Phytochemical studies on some species of the Leguminosae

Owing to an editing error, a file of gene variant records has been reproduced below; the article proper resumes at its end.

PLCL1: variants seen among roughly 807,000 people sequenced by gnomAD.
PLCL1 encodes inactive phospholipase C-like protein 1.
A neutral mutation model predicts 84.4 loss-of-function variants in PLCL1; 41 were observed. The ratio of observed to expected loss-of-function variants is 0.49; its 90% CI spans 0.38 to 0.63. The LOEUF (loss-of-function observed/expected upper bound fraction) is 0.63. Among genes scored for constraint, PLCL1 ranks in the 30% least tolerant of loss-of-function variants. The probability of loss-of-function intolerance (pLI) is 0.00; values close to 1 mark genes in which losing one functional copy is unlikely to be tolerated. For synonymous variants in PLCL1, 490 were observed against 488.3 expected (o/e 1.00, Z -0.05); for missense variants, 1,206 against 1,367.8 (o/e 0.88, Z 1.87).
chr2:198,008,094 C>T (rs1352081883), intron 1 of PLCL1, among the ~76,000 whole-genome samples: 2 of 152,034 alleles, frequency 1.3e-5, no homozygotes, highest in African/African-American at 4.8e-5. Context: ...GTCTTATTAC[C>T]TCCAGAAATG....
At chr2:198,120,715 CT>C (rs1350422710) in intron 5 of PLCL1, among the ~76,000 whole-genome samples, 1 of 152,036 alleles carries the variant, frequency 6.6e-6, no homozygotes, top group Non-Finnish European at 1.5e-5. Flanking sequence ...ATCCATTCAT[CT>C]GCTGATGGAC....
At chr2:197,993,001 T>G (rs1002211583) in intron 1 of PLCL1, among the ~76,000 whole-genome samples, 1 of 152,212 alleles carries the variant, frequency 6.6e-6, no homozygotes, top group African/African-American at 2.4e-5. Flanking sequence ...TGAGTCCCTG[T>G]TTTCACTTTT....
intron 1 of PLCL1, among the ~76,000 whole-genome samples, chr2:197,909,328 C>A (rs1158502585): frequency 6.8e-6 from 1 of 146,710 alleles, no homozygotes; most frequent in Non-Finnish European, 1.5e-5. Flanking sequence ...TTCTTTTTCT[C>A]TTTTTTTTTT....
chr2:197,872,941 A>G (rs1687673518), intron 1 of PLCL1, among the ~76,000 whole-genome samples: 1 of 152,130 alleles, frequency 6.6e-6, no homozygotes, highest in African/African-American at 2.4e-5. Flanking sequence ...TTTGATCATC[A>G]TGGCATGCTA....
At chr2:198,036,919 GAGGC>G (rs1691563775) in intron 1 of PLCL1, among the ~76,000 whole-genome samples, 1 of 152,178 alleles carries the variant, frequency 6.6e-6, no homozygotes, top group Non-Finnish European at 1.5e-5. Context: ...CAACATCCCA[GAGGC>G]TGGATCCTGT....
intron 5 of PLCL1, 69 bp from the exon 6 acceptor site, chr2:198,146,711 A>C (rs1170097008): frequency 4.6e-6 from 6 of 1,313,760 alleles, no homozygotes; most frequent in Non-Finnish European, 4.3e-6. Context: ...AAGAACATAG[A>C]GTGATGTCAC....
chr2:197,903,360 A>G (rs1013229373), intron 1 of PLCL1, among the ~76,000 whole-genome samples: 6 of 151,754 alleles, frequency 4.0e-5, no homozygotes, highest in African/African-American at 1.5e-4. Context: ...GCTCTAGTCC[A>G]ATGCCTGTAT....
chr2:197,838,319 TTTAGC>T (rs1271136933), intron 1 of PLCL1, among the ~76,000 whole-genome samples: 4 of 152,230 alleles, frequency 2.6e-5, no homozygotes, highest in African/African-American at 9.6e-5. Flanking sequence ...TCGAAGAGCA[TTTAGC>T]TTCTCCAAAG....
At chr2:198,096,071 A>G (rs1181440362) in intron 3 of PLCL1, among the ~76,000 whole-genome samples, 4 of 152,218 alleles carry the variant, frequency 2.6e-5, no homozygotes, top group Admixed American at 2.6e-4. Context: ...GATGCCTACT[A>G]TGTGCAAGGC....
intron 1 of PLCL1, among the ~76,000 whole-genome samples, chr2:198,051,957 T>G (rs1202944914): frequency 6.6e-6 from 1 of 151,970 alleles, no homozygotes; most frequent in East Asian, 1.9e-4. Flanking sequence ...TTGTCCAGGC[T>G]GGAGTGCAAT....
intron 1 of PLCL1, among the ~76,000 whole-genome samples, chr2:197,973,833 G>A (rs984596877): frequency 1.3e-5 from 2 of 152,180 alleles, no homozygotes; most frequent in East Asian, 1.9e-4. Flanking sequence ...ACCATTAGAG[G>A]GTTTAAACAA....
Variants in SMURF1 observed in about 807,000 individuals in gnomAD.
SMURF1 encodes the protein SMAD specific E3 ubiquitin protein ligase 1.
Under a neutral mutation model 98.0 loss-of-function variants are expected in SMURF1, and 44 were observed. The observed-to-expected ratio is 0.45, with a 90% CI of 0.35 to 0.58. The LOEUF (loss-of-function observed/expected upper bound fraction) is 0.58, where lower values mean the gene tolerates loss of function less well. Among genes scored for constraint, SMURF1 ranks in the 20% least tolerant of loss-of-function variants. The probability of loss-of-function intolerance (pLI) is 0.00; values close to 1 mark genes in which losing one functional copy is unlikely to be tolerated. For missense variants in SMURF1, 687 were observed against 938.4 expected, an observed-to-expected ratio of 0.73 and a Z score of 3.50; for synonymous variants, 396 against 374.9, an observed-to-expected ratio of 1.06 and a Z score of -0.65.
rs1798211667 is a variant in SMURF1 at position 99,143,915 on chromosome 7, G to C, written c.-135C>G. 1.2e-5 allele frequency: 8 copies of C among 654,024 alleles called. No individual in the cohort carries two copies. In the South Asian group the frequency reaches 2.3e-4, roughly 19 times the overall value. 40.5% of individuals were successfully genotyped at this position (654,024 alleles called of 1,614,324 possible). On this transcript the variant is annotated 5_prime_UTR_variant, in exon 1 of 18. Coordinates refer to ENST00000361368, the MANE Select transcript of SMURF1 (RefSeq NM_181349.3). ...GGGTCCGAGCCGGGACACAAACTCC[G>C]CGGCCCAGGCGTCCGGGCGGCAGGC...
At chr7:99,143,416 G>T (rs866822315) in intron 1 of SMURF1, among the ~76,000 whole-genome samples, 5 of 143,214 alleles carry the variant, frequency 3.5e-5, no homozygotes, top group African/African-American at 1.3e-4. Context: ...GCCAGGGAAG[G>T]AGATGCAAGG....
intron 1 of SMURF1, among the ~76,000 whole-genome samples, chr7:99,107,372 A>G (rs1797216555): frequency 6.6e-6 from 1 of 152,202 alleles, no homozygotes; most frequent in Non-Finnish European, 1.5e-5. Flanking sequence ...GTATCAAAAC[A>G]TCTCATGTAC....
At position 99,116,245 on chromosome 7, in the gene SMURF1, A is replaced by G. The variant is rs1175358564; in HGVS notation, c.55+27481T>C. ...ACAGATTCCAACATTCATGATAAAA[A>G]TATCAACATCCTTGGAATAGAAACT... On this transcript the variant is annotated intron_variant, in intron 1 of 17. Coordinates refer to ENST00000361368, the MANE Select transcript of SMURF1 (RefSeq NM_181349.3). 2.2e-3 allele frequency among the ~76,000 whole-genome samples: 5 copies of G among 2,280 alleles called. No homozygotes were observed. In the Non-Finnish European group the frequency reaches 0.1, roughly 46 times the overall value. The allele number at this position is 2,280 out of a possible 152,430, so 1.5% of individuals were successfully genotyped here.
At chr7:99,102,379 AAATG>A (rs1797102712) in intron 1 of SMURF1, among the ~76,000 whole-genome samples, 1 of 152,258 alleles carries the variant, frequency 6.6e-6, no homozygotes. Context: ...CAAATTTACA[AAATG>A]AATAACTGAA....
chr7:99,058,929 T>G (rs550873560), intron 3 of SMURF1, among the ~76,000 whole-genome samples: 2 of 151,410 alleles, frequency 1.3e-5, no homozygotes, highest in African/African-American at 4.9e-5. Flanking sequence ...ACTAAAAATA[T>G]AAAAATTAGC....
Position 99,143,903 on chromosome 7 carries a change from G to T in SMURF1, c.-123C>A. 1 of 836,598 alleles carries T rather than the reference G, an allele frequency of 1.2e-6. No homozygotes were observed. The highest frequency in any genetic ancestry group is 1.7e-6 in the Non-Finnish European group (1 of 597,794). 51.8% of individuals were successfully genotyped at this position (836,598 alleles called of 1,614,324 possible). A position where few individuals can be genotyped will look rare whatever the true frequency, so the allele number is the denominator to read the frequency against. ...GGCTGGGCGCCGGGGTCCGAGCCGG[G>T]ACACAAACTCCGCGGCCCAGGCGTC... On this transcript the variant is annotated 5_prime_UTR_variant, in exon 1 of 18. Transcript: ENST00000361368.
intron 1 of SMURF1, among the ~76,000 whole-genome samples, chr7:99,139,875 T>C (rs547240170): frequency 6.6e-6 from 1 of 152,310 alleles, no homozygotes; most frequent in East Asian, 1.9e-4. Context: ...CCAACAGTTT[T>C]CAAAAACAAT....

Five species from four genera of the sub-families Caesalpinioideae and Papilionoideae of the Leguminosae have been investigated. From the root bark of Cassia sieberiana (-)-epiafzelechin lupeol and β-sitosterol were isolated. (-)-Epiafzelechin was identified by spectral analysis with particular use of ¹H NMR in resolving stereochemistry of the C-ring. Lupeol and β-sitosterol were identified by direct comparison with authentic samples. The stem bark of Cynometra hankei yielded four imidazole alkaloids, two of which were novel. The major alkaloids were identified as cynometrine and N₁-demethylcynometrine (novel) by interpretation of ¹H NMR, ¹³C NMR and mass spectral data and by the conversion of N₁-demethylcynometrine to cynometrine. One of the minor alkaloids was identified as cynodine (cynometrine-11-benzoate); this being confirmed by its saponification to cynometrine. The fourth alkaloid, isolated in very small amounts, was also novel. Its identification as N₁-demethylcynodine was confirmed by its conversion to cynodine , The seeds of this species gave the first three mentioned alkaloids. A similar examination of the stem bark of Cynometra manii did not reveal any alkaloids. The seeds of Camoensia brevicalyx yielded five quinolizidine/ indolizidine alkaloids including the known compounds camoensine and camoensidine. ¹³C NMR spectra of these alkaloids were interpreted and proved valuable in assigning H-9-H-11 stereochemistry. The major compound was identified as 12-a-hydroxycamoensine on the basis of detailed interpretation of ¹H NMR, ¹³C NMR and mass spectral data. ¹³C NMR was of particular value in assigning the position of the hydroxyl substituent and ¹H NMR in deciding its stereochemistry. A very minor component was tentatively identified as 12-hydroxycamoensidine. The fifth alkaloid appeared to be 12-hydroxy-16-methoxy-11:12,13:14-tetradehydrocamoensine, a hitherto unrecorded type of quinolizidine/indolizidine alkaloid. The biological significance of these alkaloids was briefly discussed. ·The seeds of Sesbania macrocarpa yielded a single flavonoid glycoside. Hydrolysis of the glycoside gave a flavone and a sugar, identified as kaempferol and rhamnose respectively. On the basis of the UV spectra of the glycoside and the aglycone with a range of different reagents the glycoside was identified as kaempferol-3,7dirhamnoside.